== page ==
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I have an ASP.NET web form that contains a radio button list. Each radio button has a value associated with it. The radio button list has a validator control to ensure that at least one button is checked.

<input name="Country" value="US" id="CountryUS" type="radio" runat="server" />
<input name="Country" value="Other" id="CountryOther" type="radio" runat="server" />

As I understand it, HTTP converts a radio button into a name/value pair where the name is the name of the radio button and the the value is the associated value (it is NOT true/false).

If the first radio button is checked, the HTTP traffic will be


and if the second one is checked, the HTTP traffic will be


Consequently the value is free and clear to be tampered with (e.g. with Paros) almost as easily as the query string can be tampered with.


Normally on a page you would call page.Validate() to trigger server side validation. In this case however the validation for the radio button is simply a selected index validator. There is no validator that explicitly checks the value.

How do I know the client hasn't tampered with the Value? Is it duplicated in ViewState, and does ASP.NET automatically check it? Or can a hacker put anything they want in there and essentally inject a string into my system (unless I manually validate it in code)?

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All Web requests can be intercepted, that's why we have SSL and parameterized queries. –  IrishChieftain Oct 25 '13 at 23:25
Correction: All web requests can be intercepted, that's why we have SSL, parameterized queries, and server side validation. In this case the field should be validated against the white list {"US","Other}. My question is whether I need to do this myself or if the framework does it for me, e.g. when I call page.Validate (doesn't seem likely), or when the framework parses the form/post to populate the state of my web controls (more likely). –  John Wu Oct 25 '13 at 23:30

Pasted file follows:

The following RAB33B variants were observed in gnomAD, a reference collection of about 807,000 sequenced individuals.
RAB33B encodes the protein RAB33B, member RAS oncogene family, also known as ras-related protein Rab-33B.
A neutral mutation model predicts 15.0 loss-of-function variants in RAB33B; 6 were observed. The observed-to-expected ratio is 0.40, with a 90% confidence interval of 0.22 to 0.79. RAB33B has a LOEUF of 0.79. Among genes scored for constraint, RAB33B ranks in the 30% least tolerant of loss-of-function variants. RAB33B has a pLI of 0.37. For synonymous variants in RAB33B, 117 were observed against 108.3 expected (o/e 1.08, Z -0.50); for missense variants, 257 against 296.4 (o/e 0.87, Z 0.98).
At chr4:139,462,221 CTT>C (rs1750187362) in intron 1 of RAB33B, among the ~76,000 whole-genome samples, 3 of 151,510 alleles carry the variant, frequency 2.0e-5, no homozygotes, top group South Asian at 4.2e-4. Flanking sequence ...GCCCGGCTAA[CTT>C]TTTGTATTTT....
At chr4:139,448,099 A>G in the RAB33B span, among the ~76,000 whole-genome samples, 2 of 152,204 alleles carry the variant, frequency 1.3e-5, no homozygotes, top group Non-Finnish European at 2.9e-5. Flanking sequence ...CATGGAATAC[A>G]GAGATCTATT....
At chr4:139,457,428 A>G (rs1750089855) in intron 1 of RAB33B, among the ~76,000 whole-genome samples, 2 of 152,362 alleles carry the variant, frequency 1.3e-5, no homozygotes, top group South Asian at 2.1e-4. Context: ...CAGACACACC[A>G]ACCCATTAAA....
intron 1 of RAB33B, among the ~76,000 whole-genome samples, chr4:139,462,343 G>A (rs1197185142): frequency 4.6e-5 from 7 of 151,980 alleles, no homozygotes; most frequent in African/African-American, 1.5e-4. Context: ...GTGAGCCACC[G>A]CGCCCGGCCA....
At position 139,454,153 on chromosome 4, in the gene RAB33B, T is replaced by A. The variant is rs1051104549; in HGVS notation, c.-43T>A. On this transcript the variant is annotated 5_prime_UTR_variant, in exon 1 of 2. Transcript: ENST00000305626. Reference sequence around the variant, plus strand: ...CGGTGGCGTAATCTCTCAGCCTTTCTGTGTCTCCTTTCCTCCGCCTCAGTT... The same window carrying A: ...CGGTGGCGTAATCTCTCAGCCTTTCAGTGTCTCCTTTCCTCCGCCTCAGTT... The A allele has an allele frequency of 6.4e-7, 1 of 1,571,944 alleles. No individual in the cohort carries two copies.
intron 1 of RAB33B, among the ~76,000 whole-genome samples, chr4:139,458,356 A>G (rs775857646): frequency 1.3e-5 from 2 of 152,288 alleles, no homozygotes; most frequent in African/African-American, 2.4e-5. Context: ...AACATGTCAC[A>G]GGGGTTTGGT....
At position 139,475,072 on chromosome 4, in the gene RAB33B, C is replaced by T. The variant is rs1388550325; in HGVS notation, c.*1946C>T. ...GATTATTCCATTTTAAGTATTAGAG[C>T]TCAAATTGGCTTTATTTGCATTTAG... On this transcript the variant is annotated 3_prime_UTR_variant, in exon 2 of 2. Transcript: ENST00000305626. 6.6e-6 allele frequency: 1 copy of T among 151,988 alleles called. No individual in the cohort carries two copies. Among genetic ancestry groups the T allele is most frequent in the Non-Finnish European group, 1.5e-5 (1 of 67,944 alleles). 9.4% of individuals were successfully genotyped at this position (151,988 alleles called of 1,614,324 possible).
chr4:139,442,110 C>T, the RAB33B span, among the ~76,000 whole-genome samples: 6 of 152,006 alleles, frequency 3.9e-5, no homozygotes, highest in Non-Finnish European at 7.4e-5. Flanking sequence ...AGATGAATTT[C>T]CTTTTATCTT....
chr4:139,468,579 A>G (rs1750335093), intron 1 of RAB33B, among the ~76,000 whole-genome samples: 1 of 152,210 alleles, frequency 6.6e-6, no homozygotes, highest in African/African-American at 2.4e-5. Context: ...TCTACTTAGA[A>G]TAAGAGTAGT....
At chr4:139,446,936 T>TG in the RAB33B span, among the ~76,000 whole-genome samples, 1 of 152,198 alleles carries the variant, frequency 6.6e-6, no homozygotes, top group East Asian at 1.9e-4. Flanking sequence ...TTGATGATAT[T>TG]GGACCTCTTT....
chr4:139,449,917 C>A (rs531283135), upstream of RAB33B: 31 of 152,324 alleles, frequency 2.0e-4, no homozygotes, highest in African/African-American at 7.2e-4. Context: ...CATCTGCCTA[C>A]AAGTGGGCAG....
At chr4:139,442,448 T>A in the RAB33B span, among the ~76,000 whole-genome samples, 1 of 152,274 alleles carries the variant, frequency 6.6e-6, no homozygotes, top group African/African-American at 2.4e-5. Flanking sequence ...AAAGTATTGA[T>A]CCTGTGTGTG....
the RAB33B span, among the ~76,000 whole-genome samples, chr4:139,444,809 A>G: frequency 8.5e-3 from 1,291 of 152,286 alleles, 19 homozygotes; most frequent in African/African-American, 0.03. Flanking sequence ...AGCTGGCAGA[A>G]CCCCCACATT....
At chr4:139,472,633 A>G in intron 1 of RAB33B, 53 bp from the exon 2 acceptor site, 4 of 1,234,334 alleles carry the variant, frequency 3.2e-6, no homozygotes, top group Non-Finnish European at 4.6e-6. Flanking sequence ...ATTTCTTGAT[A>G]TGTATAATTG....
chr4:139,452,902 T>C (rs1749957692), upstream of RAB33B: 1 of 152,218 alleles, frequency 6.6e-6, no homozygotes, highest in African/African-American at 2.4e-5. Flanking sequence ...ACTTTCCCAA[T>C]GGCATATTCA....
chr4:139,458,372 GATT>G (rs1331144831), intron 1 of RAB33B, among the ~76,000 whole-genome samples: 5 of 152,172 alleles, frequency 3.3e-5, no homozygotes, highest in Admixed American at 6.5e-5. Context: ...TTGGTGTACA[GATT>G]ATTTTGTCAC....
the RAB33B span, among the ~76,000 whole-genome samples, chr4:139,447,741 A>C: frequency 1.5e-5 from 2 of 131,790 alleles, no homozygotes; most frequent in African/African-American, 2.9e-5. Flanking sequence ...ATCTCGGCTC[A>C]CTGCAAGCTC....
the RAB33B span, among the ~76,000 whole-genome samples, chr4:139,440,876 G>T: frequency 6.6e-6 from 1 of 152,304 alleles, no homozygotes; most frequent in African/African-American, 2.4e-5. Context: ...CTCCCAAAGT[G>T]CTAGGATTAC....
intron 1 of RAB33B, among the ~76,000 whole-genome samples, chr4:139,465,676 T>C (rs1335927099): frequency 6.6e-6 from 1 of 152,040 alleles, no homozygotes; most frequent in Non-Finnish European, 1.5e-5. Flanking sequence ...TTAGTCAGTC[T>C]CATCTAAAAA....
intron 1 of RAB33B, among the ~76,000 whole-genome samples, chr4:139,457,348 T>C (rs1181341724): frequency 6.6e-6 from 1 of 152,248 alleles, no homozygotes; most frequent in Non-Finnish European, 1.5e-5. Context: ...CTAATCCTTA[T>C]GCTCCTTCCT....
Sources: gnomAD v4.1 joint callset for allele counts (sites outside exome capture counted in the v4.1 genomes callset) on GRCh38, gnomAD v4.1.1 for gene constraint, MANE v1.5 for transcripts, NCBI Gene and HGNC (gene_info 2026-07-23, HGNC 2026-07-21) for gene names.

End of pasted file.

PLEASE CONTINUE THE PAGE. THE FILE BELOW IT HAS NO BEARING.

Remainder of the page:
I would use a proper RadioButtonList with a CustomValidator... then you can implement the logic to validate yourself on the server side. –  IrishChieftain Oct 25 '13 at 23:39

1 Answer 1

up vote 2 down vote accepted

With a small amount of experimentation I have determined the following:

  1. The "Value" of the radio buttons above is indeed passed in the form/post, and can easily be tampered with. In my test app I tampered with the value by setting it with some jquery, but it could just as easily be modified in Paros or with MITM (assuming no encryption).

  2. The value that is passed in the form/post is not the same value that is returned by rboControl.Value. In fact the only way to get it is with Request.Form["field name"].

  3. The value that is returned from rboControl.Value is always the value in the markup itself. So it is not vulnerable to tampering.

  4. The value that is returned from rboControl.Checked appears to be equivalent to the expression (rboControl.Value == Request.Form["Field Name"]). If the value doesn't match any of the controls, none of them return Checked = true.

  5. All of the above statements are true whether or not view state is enabled for the control in question.

  6. All of the above statements are true regardless of whether you have enabled page event validation.

So to answer my own question, YES, the radio button value is validated via white list on the server side, and this validation happens automatically.


Did some more testing of a similar nature but on drop down controls. Same finding. In addition, if you have page event validation enabled, ASP will throw an exception if the form/post value does not match the value of any of the items in the dropdownlist markup (or added programmatically, as persisted in ViewState). Which, to wit, makes it impossible to add additional list items on the client side.

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